On the other hand, there are a number of organisations that tick all of GS Sport’s ‘Sustainable Pillars of Sport’, and many of these organisations are referenced in the ‘Organisations’ section of the GS Sport website.
Global Sustainable Sport Features
A number of these organisations appear in the ‘Feature’ section of the GS Sport website.
These features include:
IBU embarks on a mission to become climate neutral to protect winter snow for generations to come
Nathan Chen promotes Panasonic’s GREEN IMPACT initiative at FISU World Conference as it aims to significantly reduce its 110 million tons of CO2 emissions each year by 2050
Six months to kick off: FIFA Women’s World Cup 2023 will build on growing enthusiasm for the women’s game across the world
2023 FISU World Winter University Games launch at Lake Placid with a ‘Save Winter’ theme
The Ocean Race sets sail on the most important race ever – the ‘Race to Save the Ocean’
UEFA’s Respect Report shows progress in the first year of its sustainability strategy but plenty of work still to do
“Every end is the new beginning” as ASAP Project draws to a close and Olympic Committees look to implement their new sustainability strategies
Birmingham County Football Association fighting for a more sustainable game
Australian Olympic Committee engages its ‘whole family’ in driving global sustainability
The most recent feature on the International Biathlon Union (IBU) assesses the IBU across all of GS Sport’s ‘Sustainable Pillars of Sport”. The IBU is among a small handful of international sports federations that ticks most of the sustainable pillars and scored well in most aspects of the GS Sport analysis.
Bur despite the huge amount of work that the IBU have done in the last four years the IBU’s Head of Sustainability, Riikka Rajkic, recognises the fact that there is still a lot more work to be done.
“A great deal must be done in a relatively short space of time. Climate change will not wait for the Biathlon family!”
Rakic also identified the importance of IBU working in partnership with other stakeholders and using their platform to promote sustainability to their members and their fans
“It’s important that we have our own house in order, but what’s far more important, or impactful, is that we use our unique platform as an international governing body to act as an agent for change through partnerships with our various stakeholders. As the saying goes, no one can whistle a symphony, it takes an orchestra to play it,”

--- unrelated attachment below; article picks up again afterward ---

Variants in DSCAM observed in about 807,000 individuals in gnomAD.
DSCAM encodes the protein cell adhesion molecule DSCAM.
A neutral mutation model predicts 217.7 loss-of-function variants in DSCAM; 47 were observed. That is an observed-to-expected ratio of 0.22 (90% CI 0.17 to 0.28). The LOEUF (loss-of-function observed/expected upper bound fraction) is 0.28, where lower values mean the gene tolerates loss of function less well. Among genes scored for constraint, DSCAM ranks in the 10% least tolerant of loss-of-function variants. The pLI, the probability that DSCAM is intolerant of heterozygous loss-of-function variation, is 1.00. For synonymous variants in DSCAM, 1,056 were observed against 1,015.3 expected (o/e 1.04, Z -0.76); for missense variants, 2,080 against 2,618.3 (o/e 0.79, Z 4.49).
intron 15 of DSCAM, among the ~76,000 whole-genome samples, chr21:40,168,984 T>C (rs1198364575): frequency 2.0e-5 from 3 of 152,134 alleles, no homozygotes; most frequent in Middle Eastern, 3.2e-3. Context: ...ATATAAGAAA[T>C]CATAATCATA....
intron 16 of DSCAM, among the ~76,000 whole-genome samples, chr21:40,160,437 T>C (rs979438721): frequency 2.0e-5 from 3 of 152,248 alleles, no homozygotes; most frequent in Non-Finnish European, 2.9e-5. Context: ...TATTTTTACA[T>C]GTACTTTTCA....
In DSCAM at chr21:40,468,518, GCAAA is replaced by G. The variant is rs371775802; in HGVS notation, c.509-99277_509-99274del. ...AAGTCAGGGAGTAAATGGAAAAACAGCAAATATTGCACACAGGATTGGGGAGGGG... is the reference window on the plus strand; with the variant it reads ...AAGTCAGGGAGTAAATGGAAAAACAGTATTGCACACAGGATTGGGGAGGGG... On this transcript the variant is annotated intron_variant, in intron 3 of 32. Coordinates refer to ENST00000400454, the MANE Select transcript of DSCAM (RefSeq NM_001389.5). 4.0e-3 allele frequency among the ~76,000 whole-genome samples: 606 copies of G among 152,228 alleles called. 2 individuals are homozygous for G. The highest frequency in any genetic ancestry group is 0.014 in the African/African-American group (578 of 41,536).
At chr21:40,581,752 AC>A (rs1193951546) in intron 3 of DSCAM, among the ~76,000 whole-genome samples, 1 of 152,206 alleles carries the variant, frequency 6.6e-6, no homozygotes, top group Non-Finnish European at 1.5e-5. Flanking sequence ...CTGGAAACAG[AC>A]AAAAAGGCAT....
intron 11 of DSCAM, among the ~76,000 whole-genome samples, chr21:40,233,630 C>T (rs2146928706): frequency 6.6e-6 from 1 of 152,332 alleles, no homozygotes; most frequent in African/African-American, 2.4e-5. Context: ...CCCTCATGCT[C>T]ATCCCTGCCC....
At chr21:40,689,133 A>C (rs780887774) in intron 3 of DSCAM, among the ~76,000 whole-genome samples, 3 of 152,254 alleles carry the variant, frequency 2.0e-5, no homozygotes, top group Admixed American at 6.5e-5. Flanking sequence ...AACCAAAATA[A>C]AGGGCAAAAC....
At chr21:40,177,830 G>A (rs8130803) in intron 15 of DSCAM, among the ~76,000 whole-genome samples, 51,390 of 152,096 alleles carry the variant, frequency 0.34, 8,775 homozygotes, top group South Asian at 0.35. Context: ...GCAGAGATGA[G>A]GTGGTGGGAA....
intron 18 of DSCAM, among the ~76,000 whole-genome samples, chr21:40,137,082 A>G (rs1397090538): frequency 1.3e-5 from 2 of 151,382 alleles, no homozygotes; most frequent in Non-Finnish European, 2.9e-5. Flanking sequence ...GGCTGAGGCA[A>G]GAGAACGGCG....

As the General Secretary of the IBU, Max Cobb observed:
“Sustainability is an issue that cuts across all areas of the IBU, as it should be for any organisation,”
“For a truly meaningful impact to be delivered, it’s important that the sustainability strategy, and related initiatives, can be shared across the organisation with responsibilities taken on by staff in various departments. Structurally, we’re set-up in this way at the IBU to ensure this concept is a reality.”
Interest is growing but sport has a long way to go
There are many great sustainability programmes being developed around the world of sport, and many sport organisations are recruiting sustainability consultants or in-house experts to deliver them.
2022 saw a significant increase in discussions around sustainability at major sports conferences and judging by the excellent sold-out Sport Positive Summit in Wembley, London last year, sustainability is growing significantly in interest.
But with less than 1% of the sports industry currently active in one or more of GS Sports’s ‘Sustainable Pillars’, sport has a long way to go.
GS Sport aims to encourage, through its global initiative, at least 1% of the sports industry to have an active sustainability programme by the end of 2024. That represents over 2,000 sports organisations, excluding suppliers, by the end of the current Olympic cycle.
Collectively, with the sports industry comng together, this could represent a significant platform to promote sustainability worldwide and truly make a difference, helping to create a more sustainable future for sport and the planet.
For further information on GS Sport’s “Sustainable Pillars of Sport” and how it could help your organistion or your event contact GS Sport
Read moreMike Laflin